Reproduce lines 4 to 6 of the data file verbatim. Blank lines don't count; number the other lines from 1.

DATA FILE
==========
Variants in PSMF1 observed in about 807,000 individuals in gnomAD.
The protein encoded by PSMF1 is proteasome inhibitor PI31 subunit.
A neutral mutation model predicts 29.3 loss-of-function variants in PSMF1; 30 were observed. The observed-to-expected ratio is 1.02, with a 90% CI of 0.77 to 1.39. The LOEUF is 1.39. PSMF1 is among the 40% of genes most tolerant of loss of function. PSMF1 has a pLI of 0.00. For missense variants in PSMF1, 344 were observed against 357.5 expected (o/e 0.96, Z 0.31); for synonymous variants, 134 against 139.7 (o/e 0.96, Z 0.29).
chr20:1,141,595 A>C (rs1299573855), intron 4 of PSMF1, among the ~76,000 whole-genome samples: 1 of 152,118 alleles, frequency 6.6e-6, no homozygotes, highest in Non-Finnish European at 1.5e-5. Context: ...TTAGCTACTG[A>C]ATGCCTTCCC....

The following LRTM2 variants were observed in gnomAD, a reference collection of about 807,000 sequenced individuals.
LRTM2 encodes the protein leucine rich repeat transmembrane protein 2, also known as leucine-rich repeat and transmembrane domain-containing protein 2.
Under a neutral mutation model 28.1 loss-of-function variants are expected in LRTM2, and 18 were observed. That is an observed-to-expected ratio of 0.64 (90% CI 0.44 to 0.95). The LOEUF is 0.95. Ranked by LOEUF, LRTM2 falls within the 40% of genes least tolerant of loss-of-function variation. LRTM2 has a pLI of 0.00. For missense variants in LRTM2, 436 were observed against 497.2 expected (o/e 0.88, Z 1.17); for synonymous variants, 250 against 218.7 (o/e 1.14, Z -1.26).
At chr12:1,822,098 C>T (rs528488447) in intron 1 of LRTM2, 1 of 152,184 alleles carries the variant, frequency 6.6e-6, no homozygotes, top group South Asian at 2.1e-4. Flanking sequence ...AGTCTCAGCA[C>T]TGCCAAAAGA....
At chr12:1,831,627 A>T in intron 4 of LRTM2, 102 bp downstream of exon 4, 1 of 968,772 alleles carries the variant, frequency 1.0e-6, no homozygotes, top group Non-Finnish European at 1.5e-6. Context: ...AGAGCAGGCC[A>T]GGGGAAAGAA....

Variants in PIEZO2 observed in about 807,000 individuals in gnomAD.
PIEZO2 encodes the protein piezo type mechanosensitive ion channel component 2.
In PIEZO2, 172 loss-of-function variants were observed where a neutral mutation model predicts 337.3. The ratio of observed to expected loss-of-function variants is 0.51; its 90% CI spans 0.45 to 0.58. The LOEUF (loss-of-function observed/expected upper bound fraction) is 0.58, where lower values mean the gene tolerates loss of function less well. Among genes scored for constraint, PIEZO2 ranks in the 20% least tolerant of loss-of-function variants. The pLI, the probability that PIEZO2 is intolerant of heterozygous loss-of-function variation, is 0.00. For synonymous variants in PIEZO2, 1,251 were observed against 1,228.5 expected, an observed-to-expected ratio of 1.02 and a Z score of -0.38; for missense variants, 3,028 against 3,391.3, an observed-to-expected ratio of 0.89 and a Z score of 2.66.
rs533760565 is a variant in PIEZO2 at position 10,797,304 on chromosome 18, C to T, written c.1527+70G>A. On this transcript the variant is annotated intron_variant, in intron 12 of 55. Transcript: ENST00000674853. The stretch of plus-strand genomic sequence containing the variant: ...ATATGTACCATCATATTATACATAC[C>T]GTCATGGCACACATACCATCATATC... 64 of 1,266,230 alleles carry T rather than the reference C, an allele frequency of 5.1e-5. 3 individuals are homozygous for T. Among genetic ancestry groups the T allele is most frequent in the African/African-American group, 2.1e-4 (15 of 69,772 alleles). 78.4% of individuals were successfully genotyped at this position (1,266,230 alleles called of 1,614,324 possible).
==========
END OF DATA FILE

chr20:1,141,595 A>C (rs1299573855), intron 4 of PSMF1, among the ~76,000 whole-genome samples: 1 of 152,118 alleles, frequency 6.6e-6, no homozygotes, highest in Non-Finnish European at 1.5e-5. Context: ...TTAGCTACTG[A>C]ATGCCTTCCC....

The following LRTM2 variants were observed in gnomAD, a reference collection of about 807,000 sequenced individuals.
LRTM2 encodes the protein leucine rich repeat transmembrane protein 2, also known as leucine-rich repeat and transmembrane domain-containing protein 2.